The chances of getting a salad without beetroots on top of everything on the plate are slim to none in the UK. The general public, and particularly the country’s best chefs, have just come to realise what grow-your-own gardeners always knew: beetroots are sweet and earthy and do not require much.
They can be grown in your garden for both the rich red root and the tender young greens. Plus, they are easy to grow, and you don’t have to wait long to enjoy their delicious taste. You will learn in this guide everything you need to know about planting and harvesting beetroots and how to properly store them. After that, you may want to grow some tomatoes, broccoli or even garlic to upgrade your menu!
Table of Contents
What is beetroot?
Beetroot, also known as beta Vulgaris or simply “beets”, is a cool-season crop that grows quickly in full sun and is easy to raise from seed in well-prepared soil. Plus, they can also withstand frost and near-freezing conditions. This makes them an excellent autumn crop.
Beets come in a variety of colours, shapes, and sizes, with deep red, yellow, white, or striped roots. They can be picked when they are the size of a golf ball to a tennis ball. Larger roots can be stiff and woody. Beet greens are much more nutritious than the roots and have a wonderful and distinct flavour. Here are some of the varieties:
It is one of the most popular types, with deep red, globe-shaped roots that have a sweet taste. It is resistant to bolting, as its name implies. Thus, it can be planted sooner than many other kinds.
It’s an attractive cultivar with orange-pink skins and red and white rings on the flesh that turn pink when cooked. It’s great in salads with dark green tops and red stems.
It has smooth tasty roots with dark red skin and high sugar content. It can be eaten as baby beets or allowed to mature without becoming woody. It is also resistant to bolting.
It has long, red cylindrical roots that make it easy to slice into uniform slices. The roots have a deep, dark red colour, a delicious flavour, and may be stored for a long time. Because of its ease of slicing, it’s an excellent pickled vegetable.
It’s an excellent variety with dark red colour and smooth-skinned, spherical roots which are sweet and can be cooked or eaten raw. Roots can be used as baby beets, but they can also be let to mature without turning woody. The grown roots can be stored for a long time.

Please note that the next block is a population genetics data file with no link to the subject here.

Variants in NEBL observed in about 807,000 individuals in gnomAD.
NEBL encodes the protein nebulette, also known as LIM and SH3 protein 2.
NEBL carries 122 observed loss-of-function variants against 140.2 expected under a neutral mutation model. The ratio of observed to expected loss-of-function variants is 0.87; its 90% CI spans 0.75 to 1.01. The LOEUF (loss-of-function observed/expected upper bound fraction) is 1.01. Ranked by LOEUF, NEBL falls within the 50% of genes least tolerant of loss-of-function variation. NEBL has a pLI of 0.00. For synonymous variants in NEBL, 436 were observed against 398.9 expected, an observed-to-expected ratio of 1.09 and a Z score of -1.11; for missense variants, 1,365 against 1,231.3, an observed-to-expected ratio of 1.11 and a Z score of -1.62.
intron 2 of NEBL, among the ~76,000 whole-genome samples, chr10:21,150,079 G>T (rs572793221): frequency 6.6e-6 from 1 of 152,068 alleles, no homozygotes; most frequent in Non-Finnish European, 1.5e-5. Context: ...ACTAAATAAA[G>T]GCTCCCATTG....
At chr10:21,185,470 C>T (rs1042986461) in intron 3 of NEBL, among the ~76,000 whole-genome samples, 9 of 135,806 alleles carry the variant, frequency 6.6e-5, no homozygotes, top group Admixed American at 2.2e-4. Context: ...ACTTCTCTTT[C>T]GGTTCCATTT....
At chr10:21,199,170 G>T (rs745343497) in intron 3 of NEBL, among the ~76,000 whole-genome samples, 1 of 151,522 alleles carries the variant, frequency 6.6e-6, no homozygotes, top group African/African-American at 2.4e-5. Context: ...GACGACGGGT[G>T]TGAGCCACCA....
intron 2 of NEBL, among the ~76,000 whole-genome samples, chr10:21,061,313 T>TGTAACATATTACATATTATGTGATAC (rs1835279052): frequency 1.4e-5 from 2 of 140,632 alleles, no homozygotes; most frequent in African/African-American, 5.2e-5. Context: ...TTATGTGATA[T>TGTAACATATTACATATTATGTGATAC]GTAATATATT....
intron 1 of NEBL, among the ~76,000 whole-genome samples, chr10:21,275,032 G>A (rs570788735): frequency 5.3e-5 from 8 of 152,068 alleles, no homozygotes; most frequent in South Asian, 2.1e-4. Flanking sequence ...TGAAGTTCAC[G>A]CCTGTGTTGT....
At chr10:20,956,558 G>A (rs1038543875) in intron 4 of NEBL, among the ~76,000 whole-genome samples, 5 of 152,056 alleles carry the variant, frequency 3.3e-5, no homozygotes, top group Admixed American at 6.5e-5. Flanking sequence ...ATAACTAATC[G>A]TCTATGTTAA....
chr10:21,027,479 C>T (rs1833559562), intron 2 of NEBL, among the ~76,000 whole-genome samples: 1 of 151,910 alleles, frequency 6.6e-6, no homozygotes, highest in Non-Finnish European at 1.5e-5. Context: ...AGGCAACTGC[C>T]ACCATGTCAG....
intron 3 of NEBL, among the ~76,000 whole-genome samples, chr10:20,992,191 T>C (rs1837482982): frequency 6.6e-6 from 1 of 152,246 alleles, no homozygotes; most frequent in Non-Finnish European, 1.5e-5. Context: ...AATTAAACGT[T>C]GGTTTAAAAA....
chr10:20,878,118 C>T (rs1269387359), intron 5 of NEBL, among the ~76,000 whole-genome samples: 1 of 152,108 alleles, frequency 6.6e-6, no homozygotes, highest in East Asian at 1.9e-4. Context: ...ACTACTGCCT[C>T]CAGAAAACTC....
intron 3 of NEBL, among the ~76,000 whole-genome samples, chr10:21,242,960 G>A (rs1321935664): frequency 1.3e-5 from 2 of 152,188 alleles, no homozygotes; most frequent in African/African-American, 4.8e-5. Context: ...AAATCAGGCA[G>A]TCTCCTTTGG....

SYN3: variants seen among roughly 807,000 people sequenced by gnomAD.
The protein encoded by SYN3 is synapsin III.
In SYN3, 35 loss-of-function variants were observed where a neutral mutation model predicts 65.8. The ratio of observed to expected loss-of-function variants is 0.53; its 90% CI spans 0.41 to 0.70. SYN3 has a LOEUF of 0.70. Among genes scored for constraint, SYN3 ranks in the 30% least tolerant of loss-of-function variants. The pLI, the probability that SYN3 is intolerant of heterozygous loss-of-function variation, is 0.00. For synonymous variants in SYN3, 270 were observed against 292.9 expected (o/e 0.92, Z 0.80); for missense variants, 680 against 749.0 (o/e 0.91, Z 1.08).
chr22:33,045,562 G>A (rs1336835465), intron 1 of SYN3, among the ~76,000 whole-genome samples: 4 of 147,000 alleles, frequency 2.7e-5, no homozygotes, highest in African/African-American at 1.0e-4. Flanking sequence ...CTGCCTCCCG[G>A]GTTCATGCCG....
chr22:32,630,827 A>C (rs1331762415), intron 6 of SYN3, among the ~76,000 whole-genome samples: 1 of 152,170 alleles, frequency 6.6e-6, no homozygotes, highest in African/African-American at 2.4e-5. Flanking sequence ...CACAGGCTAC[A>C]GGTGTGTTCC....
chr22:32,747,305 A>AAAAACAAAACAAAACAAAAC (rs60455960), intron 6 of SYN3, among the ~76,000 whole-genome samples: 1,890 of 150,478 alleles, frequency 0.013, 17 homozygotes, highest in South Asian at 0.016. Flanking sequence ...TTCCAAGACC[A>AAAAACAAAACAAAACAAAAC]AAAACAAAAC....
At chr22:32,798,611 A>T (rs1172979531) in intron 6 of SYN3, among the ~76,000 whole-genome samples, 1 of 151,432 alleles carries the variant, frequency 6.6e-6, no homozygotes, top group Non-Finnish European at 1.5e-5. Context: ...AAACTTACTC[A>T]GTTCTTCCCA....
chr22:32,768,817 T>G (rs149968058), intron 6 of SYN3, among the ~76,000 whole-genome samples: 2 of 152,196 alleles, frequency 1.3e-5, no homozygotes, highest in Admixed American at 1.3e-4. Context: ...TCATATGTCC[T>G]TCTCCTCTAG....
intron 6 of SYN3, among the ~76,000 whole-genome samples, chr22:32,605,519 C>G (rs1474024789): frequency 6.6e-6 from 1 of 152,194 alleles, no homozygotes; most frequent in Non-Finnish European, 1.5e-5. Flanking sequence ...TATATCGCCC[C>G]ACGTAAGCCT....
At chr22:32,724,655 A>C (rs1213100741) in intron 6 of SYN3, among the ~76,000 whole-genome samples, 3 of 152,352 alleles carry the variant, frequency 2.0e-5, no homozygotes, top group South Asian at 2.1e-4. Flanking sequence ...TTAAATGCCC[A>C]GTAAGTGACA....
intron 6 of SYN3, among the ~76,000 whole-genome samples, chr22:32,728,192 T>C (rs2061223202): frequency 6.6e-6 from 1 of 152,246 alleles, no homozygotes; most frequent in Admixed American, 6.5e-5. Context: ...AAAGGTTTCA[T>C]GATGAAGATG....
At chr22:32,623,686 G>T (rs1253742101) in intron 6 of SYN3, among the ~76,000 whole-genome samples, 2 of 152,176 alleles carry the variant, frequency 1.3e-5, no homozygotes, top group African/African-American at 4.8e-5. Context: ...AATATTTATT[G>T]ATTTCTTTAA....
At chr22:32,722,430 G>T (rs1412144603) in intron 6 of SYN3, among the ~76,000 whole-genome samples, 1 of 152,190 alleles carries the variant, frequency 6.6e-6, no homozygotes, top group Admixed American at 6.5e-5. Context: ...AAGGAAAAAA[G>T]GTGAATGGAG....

When is the right time for planting?
Begin planting beets as soon as the soil is workable in early spring. Plantings should be made every 2 to 3 weeks till mid-summer. They can be repeated throughout the summer as long as daily temperatures do not exceed 24 °C.
Germination takes 5 to 8 days in soil with a minimum temperature of 10 °C. It may take 2 to 3 weeks, though, in soil that is cooler than that. Soak the seeds in water for 24 hours before planting to speed up germination or when sowing in locations with little moisture and rainfall.
Sow the seeds from mid-summer to early autumn, commencing approximately 4 to 6 weeks before your first autumn frost, for an autumn crop. For a winter harvest, plant beets in the early to late autumn.
Preparing the planting site
Beetroot thrives in an open, sunny spot with light to medium soil. If the soil has already been manured for a prior crop, no further organic matter is required. They should get at least 6 hours of direct sunlight per day. Because Swiss chard and spinach are cousins of beets and are prone to comparable pests and diseases, avoid planting beets where they have recently been cultivated. Beets like fertile, well-prepared soil, but they may survive ordinary to low fertility.
The soil should be clear of rocks and other barriers to allow the round beetroots to develop properly. Soils with a pH of 6.0 to 7.0 are ideal, though slightly alkaline (7.0+) soils can also be tolerated. Poor soil can be treated prior to planting by using a balanced fertiliser. Plus, dig over the soil and add a tiny bit of compost if it wasn’t already there.
How to plant your beetroot
There is a reason why it is ranked as one of the top 10 vegetables that can be grown in home gardens – It is easy to plant:
1. Choose either seeds or seedlings
These should be accessible at your neighbourhood nursery or garden centre. Don’t be afraid of seeds. Beetroot is known for its ease of care. In early sowings, the “Boltardy” type is recommended. White and golden types grow in half the time and don’t bleed in salads. Aside from these considerations, the kind you select will be determined by the look and flavour that most appeals to you.
2. Choose an appropriate location to grow
Beetroot prefers soil that is neutral, moist, and fertile. The soil should be soft and free of excessive clay or sand. Because roots develop at the surface, clay soil can be tolerated provided the top layer has been loosened by adding plenty of organic well-rotted matter. If the soil contains a lot of clay, don’t use it. The location must be sunny and open, but part shade is fine.
3. Add compost
Fill the soil with loose, multi-purpose compost all the way to the top. After that, thinly scatter the seeds throughout the area and cover them with 2 cm of compost.
4. Till the soil